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J Mol Biol. 1992 May 20;225(2):397-431.

Three-dimensional structures of bulge-containing DNA fragments.

Author information

1
Department of Structural Biology, Weizmann Institute of Science, Rehovot, Israel.

Abstract

The three-dimensional structure of a DNA tridecamer d(CGCAGAATTCGCG)2 containing bulged adenine bases was determined by single crystal X-ray diffraction methods, at 120 K, to 2.6 A resolution. The structure is a B-DNA type double helix with a single duplex in the asymmetric unit. One of the bulged adenine bases loops out from the double helix, while the other stacks in to it. This is in contrast to our preliminary finding, which indicated that both adenine bases were looped out. This revised model was confirmed by the use of a covalently bound heavy-atom derivative. The conformation of the looped-out bulge hardly disrupts base stacking interactions of the bases flanking it. This is achieved by the backbone making a "loop-the-loop" curve with the extra adenine flipping over with respect to the other nucleotides in the strand. The looped-out base intercalates into the stacked-in bulge site of a symmetrically related duplex. The looped-out and stacked-in bases form an A.A reversed Hoogsteen base-pair that stacks between the surrounding base-pairs, thus stabilizing both bulges. The double helix is frayed at one end with the two "melted" bases participating in intermolecular interactions. A related structure, of the same tridecamer, after soaking the crystals with proflavin, was determined to 3.2 A resolution. The main features of this B-DNA duplex are basically similar to the native tridecamer but differ in detail especially in the conformation of the bulged-out base. Accommodation of a large perturbation such as that described here with minimal disruption of the double helix shows both the flexibility and resiliency of the DNA molecule.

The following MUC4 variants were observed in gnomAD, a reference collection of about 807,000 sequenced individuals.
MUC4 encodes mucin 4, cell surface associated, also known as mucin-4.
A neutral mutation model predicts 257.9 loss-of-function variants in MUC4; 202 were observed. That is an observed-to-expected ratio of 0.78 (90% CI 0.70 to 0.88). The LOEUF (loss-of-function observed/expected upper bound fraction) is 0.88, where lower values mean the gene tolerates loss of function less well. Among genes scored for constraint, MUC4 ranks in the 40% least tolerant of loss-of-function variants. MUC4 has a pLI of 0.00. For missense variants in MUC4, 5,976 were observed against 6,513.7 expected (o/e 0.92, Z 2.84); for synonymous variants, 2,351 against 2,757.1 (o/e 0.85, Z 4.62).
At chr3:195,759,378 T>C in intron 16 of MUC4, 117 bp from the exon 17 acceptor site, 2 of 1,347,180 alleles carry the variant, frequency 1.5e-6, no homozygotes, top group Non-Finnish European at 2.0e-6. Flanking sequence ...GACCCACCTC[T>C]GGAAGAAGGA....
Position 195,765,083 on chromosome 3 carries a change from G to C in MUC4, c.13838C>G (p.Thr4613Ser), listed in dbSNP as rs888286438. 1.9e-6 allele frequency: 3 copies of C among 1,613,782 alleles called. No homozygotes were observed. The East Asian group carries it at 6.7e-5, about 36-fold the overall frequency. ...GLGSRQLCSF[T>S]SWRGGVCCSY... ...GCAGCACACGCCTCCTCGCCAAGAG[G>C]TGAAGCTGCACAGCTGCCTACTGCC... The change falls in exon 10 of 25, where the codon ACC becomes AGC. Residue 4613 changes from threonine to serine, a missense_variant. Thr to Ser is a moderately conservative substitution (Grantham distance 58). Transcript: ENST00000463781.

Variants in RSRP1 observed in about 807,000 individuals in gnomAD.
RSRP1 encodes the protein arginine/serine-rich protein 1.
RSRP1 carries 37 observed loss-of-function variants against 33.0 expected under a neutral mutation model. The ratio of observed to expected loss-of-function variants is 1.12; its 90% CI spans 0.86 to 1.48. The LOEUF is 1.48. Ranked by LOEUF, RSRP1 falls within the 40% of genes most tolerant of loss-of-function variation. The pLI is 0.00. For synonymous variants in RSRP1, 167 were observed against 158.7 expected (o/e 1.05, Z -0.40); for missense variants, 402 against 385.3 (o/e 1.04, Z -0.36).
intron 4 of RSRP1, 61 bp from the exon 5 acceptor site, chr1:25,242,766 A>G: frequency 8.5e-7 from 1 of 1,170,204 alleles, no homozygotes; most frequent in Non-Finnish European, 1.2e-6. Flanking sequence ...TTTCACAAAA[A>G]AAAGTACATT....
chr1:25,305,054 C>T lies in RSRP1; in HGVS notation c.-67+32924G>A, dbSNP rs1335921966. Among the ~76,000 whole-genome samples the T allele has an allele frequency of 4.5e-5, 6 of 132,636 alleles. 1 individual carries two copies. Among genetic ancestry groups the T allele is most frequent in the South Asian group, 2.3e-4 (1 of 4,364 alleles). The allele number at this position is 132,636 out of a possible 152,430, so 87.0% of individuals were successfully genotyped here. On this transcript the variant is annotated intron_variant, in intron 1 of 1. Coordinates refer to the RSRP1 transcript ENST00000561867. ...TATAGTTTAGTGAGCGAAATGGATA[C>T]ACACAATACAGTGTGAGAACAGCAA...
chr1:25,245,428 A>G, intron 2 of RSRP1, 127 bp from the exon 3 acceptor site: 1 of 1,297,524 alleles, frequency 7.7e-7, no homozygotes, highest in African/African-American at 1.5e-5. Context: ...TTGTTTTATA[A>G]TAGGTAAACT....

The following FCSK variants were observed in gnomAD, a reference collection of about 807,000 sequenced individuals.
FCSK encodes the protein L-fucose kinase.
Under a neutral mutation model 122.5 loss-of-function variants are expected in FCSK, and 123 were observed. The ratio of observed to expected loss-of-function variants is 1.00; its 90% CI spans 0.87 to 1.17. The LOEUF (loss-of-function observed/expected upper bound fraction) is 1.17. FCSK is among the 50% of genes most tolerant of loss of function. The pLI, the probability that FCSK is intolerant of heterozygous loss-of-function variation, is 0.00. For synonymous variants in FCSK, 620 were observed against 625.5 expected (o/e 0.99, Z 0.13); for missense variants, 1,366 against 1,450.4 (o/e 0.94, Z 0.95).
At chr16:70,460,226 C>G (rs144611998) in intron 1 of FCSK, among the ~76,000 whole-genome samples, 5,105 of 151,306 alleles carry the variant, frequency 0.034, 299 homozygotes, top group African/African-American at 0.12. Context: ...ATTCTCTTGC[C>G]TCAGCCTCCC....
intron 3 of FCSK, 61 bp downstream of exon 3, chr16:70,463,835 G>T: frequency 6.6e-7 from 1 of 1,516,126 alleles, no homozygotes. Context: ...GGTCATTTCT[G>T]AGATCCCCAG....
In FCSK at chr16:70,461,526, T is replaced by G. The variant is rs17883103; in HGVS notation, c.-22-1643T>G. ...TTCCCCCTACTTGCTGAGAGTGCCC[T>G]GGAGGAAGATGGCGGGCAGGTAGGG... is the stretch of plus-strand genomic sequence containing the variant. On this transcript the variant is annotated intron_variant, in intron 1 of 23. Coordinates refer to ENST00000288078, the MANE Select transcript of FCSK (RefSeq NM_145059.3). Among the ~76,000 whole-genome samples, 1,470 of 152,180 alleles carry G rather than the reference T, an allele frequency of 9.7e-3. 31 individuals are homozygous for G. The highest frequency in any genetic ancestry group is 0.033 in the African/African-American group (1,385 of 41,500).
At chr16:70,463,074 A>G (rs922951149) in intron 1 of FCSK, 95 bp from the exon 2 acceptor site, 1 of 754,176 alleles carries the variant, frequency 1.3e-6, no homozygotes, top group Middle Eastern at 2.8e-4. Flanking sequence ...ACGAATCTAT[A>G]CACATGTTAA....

PMID:
1593627
[Indexed for MEDLINE]

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